The Finance Ministry has warned that unwarranted attacks against the Prime Minister will affect the economy.
Second Finance Minister Datuk Seri Ahmad Husni Hanadzlah said those who had information on alleged discrepancies or breach of rules and regulations, should lodge reports with the relevant authorities instead of feeding unverified information to foreign media, which could be used against the interest of the country.
Husni said people should not get emotionally worked up over unsubstantiated reports by The Wall Street Journal and Sarawak Report, which had gone viral.
"Let's tackle this issue rationally, rather than letting emotions cloud judgment. By reacting irresponsibly, we will only be sabotaging our economy and jeopardising our own future," he said.
1MDB had refuted claims by WSJ and the London-based Sarawak Report, which said funds were channelled to Prime Minister Datuk Seri Najib Tun Razak's accounts.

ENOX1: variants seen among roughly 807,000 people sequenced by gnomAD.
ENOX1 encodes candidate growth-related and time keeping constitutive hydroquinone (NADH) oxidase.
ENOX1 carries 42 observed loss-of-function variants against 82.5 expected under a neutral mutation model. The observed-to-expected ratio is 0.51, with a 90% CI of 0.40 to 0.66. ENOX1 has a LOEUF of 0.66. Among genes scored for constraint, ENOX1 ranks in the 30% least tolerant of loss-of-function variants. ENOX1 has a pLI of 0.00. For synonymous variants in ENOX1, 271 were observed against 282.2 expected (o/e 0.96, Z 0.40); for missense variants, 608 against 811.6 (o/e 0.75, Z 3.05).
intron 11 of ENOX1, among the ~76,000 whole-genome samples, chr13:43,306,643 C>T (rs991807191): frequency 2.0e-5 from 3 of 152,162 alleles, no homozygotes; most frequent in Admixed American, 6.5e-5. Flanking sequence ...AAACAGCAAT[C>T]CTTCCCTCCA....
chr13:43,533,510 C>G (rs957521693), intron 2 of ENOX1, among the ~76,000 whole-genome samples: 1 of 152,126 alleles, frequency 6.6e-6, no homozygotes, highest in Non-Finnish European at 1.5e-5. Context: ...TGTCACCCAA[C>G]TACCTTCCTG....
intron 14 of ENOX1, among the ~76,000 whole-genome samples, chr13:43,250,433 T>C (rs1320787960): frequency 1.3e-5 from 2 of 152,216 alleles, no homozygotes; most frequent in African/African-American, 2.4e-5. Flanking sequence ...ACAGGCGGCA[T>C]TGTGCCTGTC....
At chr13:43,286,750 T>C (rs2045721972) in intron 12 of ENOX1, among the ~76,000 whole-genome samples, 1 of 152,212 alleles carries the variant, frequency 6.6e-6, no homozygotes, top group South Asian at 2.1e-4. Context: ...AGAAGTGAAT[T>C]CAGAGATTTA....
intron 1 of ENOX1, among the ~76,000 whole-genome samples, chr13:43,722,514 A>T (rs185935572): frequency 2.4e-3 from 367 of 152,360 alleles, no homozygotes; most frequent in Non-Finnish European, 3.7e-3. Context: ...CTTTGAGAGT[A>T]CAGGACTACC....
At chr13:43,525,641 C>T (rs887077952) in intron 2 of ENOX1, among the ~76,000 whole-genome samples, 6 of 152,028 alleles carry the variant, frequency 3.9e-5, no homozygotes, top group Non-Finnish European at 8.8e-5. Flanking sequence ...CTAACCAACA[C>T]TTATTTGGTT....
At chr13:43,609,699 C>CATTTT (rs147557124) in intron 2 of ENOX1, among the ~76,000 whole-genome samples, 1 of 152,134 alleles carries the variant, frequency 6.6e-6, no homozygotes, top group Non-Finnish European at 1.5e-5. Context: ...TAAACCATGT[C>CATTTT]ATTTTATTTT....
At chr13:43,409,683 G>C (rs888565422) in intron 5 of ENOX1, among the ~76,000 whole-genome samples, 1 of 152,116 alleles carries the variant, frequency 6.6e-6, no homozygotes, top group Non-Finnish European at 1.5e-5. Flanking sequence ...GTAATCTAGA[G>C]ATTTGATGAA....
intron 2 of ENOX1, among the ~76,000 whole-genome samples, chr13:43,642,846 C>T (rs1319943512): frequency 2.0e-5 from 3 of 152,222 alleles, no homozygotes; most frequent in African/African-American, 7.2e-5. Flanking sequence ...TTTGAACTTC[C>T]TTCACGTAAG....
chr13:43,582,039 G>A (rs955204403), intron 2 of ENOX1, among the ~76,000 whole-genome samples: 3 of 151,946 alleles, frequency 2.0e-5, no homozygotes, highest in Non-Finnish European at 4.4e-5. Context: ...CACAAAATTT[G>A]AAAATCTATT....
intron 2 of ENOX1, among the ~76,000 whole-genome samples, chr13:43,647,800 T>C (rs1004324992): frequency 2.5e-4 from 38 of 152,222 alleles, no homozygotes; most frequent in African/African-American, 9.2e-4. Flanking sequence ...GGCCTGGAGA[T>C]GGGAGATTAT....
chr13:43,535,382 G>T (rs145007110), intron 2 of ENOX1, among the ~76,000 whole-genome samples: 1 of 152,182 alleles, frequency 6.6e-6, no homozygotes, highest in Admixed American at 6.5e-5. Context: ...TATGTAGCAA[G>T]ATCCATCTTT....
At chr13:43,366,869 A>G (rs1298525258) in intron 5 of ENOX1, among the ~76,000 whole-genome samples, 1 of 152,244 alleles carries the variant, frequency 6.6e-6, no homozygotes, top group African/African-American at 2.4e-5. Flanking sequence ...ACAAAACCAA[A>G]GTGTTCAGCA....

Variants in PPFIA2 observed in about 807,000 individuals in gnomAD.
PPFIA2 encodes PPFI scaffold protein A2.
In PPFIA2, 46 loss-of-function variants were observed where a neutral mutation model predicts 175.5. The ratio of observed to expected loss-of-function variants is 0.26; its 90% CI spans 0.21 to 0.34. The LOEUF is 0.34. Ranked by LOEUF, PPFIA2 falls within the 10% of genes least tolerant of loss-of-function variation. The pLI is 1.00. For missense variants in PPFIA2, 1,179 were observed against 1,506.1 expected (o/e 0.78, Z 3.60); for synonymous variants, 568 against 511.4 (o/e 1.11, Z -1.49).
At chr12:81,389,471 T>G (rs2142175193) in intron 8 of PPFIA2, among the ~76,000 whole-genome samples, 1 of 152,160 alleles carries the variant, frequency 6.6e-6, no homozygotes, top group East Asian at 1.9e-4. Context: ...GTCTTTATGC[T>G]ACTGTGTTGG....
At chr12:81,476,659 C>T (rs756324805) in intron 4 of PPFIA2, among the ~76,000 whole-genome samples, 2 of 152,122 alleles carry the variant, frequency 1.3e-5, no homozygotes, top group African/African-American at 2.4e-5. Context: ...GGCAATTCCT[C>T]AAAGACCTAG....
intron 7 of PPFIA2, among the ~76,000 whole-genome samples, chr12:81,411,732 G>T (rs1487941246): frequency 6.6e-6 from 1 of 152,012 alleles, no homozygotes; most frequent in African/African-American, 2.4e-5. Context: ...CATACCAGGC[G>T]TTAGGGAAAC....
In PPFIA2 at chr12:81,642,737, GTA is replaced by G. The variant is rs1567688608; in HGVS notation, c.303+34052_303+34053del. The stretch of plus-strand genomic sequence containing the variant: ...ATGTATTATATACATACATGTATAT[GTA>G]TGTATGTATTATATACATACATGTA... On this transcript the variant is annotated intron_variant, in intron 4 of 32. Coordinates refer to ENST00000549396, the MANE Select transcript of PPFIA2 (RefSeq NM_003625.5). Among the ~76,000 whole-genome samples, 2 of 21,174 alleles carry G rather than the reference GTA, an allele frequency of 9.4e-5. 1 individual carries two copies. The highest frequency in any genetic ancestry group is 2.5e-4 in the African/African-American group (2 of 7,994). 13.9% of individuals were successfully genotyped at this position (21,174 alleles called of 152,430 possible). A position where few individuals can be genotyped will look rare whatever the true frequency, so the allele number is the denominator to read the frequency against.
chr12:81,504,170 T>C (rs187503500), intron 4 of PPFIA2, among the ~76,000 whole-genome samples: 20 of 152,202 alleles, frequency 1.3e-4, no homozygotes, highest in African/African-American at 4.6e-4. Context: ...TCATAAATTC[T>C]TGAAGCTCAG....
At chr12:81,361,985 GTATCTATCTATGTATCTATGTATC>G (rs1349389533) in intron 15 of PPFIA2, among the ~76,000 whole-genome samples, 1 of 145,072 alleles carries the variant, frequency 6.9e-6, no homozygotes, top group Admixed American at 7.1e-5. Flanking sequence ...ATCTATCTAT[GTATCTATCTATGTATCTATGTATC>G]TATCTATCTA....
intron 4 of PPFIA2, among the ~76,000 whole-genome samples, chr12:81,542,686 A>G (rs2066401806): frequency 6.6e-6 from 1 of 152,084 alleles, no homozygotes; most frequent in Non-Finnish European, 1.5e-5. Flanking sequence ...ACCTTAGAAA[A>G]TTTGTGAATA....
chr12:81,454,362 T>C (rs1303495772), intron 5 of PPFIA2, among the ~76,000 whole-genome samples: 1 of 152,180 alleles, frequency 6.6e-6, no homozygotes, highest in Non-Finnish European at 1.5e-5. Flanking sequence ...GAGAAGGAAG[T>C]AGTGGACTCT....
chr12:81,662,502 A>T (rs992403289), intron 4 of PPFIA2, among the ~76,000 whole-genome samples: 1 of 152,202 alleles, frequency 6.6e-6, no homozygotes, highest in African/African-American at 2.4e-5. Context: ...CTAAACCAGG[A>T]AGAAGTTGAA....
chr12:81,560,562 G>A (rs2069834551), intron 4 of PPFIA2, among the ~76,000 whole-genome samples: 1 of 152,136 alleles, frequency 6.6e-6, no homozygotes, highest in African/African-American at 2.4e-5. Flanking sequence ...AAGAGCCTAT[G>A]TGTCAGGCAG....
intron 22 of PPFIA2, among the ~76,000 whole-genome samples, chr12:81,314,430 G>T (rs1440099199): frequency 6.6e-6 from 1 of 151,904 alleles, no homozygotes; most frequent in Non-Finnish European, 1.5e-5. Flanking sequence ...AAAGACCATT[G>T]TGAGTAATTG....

In its follow up report on Friday, WSJ said Washington viewed Malaysia as a bulwark against China's growing territorial ambitions in the South China Sea.
The journal noted that 1MDB was set up in 2009 as a strategic development fund to develop new industries and turn Kuala Lumpur into a global financial centre, and to develop oil fields abroad.
It said unlike sovereign-wealth funds, 1MDB financed itself through issuing debt and now owed more than US$11bil (S$14.8bil), adding that foreign investors owned about half of the Malaysian government bonds.